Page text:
This time of year is one where most car manufacturers and retailers would be busying themselves with the final month-end and quarter-end push that has historically been so critical to profitability in the calendar year. However, yet again, the sector finds itself in an unusual predicament where the plate change month would be characterised by ongoing supply shortages and gradual slowing of sales enquiries.
The incredibly sad passing of Queen Elizabeth II will also have served to dampen demand for vehicles as the country adjusts to the new reality of life in the UK.
Hot Topic One
Vehicle supply remains a challenge. It is improving for most manufacturers but is well short of where we would expect it to be in a normal year. Prevailing economic conditions would have suggested passenger car markets could have been around two million units in 2022 but the forecast is much closer to 1.6m units. This will be the third year in a row where the industry volume has been depressed, firstly, by COVID-19 and the impact of lockdown, and subsequently by the supply issues caused by the global economy remobilising and the war in Ukraine. However, there are positives that supply chains are re-aligning and order books remain strong.
Hot Topic Two
The 2030 deadline to end the sale of new internal combustion engine vehicles is within sight and momentum is building. The sector has seen huge proliferation in the number of alternative fuel (AFV) models available for sale and consumer demand has grown steadily to the point where 14% of vehicle sales are Battery Electric (BEV). That is a growth of 50% over 2021. However, the rising electricity prices are threatening the affordability of these products, so the recent government support will really help support the switch to EVs, as the lower running cost per mile is vital to bridging the higher capital cost.
Hot Topic Three
A revolution in the sales model is under way. Many of the car manufacturers are now implementing a pivot away from the established franchise model where a dealer buys a car or van from the factory and then sells it on to a customer. The new model is often described as Sales Agency and it will see the manufacturers take a much greater role in the transaction, forge stronger ties with customers and offer greater price transparency. It’s a fundamental change in the model which the majority of OEMs are committed to and something that is causing great unease amongst the retailers.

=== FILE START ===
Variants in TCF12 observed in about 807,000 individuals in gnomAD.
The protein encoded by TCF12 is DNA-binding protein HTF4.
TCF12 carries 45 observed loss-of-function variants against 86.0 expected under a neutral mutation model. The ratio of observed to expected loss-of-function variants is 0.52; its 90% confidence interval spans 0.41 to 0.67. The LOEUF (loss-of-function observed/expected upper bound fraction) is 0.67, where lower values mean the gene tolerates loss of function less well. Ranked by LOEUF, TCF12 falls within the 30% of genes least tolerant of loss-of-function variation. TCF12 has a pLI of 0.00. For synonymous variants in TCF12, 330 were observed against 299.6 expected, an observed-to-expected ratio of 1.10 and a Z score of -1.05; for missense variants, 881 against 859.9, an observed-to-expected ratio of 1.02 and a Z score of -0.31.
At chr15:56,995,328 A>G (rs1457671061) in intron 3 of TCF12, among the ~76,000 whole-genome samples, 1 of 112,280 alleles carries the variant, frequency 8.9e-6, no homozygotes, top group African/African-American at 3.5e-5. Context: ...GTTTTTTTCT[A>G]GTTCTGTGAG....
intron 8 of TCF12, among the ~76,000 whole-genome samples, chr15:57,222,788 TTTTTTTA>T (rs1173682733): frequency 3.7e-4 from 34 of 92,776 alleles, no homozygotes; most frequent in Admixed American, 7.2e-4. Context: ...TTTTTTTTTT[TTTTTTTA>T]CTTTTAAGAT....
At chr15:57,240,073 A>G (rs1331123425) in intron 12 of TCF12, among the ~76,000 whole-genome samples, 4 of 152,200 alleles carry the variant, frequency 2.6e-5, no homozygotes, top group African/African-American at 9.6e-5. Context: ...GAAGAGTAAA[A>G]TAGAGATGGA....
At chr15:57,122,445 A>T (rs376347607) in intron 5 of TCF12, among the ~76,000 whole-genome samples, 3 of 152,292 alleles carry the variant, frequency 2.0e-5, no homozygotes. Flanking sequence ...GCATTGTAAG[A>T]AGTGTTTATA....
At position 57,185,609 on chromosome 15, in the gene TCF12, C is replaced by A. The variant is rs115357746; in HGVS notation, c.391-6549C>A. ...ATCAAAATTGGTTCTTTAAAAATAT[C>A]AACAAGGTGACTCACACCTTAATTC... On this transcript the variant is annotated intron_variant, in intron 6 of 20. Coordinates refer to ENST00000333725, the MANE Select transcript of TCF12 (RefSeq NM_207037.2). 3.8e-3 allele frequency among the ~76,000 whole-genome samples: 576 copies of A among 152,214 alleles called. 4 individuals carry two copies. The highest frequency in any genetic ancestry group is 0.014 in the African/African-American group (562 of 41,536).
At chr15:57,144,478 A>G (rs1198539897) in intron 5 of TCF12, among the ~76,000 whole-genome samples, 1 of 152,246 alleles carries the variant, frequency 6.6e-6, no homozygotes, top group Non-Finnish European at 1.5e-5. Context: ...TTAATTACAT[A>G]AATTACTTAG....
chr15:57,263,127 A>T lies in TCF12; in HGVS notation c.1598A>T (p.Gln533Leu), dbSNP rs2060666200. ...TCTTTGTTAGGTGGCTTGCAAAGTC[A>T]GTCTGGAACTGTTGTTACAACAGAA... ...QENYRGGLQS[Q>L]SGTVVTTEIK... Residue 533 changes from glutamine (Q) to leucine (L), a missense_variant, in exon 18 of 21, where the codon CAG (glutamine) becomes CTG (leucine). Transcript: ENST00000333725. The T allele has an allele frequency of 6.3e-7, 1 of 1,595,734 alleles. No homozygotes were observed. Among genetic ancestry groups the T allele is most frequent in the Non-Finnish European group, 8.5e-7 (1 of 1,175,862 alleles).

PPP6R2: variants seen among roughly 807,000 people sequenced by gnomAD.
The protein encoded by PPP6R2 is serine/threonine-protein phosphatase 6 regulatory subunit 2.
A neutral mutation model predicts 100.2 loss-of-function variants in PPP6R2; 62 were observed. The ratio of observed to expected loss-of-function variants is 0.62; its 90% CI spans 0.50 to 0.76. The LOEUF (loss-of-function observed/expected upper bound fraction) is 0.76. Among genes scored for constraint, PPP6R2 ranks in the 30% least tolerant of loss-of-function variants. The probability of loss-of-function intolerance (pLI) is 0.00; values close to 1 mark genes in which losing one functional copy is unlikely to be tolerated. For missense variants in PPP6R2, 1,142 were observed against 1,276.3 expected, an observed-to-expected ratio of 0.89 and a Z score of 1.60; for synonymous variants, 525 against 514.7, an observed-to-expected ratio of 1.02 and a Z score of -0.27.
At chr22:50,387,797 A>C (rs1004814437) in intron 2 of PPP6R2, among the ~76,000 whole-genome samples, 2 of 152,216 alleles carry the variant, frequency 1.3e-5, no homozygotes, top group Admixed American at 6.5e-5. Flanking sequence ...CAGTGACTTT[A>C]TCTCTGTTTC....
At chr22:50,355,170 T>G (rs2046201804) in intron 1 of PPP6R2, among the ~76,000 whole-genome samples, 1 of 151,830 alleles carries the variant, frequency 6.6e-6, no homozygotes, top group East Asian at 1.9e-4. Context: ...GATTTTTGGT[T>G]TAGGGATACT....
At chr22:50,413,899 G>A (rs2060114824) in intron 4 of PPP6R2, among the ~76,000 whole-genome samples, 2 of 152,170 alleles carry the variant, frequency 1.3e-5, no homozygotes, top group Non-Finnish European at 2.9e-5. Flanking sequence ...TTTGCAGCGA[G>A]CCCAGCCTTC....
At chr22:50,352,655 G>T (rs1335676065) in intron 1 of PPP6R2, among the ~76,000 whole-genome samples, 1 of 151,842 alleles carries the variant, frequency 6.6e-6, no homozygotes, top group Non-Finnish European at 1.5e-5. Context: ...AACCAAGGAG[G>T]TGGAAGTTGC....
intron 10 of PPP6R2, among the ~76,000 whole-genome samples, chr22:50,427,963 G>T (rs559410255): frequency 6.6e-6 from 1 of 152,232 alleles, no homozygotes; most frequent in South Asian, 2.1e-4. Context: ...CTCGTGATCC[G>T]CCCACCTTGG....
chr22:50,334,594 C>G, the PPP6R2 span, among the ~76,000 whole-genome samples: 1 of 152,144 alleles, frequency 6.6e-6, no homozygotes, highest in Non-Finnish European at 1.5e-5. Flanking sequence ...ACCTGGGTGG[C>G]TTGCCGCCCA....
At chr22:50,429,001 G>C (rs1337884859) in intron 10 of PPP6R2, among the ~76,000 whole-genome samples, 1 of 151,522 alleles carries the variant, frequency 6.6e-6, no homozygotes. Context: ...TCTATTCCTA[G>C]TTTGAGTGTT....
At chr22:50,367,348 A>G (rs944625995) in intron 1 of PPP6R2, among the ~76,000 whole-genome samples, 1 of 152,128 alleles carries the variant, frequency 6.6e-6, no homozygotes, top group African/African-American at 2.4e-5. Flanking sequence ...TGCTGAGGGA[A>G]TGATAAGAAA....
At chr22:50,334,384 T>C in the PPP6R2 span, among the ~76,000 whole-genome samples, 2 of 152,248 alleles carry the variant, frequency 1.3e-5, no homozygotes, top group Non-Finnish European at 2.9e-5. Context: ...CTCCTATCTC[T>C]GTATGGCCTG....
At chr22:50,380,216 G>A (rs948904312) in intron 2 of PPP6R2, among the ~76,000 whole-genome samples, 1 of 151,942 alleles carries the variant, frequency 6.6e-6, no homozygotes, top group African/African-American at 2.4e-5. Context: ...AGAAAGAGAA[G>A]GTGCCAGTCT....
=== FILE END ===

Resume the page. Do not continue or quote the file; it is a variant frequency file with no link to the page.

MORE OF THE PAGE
So, we can see that there are some major changes under way in the car industry. It is the most significant set of challenges that the industry has faced in living memory, but this industry is incredibly resilient and has enjoyed an unprecedented period of strong profitability over the last 18 months. As we face up to the likelihood of a recessionary period in the UK both OEMs and retailers will be mindful of the need to tightly manage costs, but they must not lose sight of the structural challenges that lie ahead.
Alastair Cassels specialises in providing guidance for OEMs, retailers and industry new entrants in the rapidly changing UK automotive landscape. He has an extensive knowledge of vehicle distribution and insight into how it will evolve.
Alastair joined MHA in April 2022 after many years’ experience in automotive manufacturing, sales and network development. His focus areas are supporting change in vehicle distribution through expertise in franchising, M&A, property, electric vehicle infrastructure, CO2 reduction and future business planning.
For more information visit MHA Macintyre Hudson’s website here.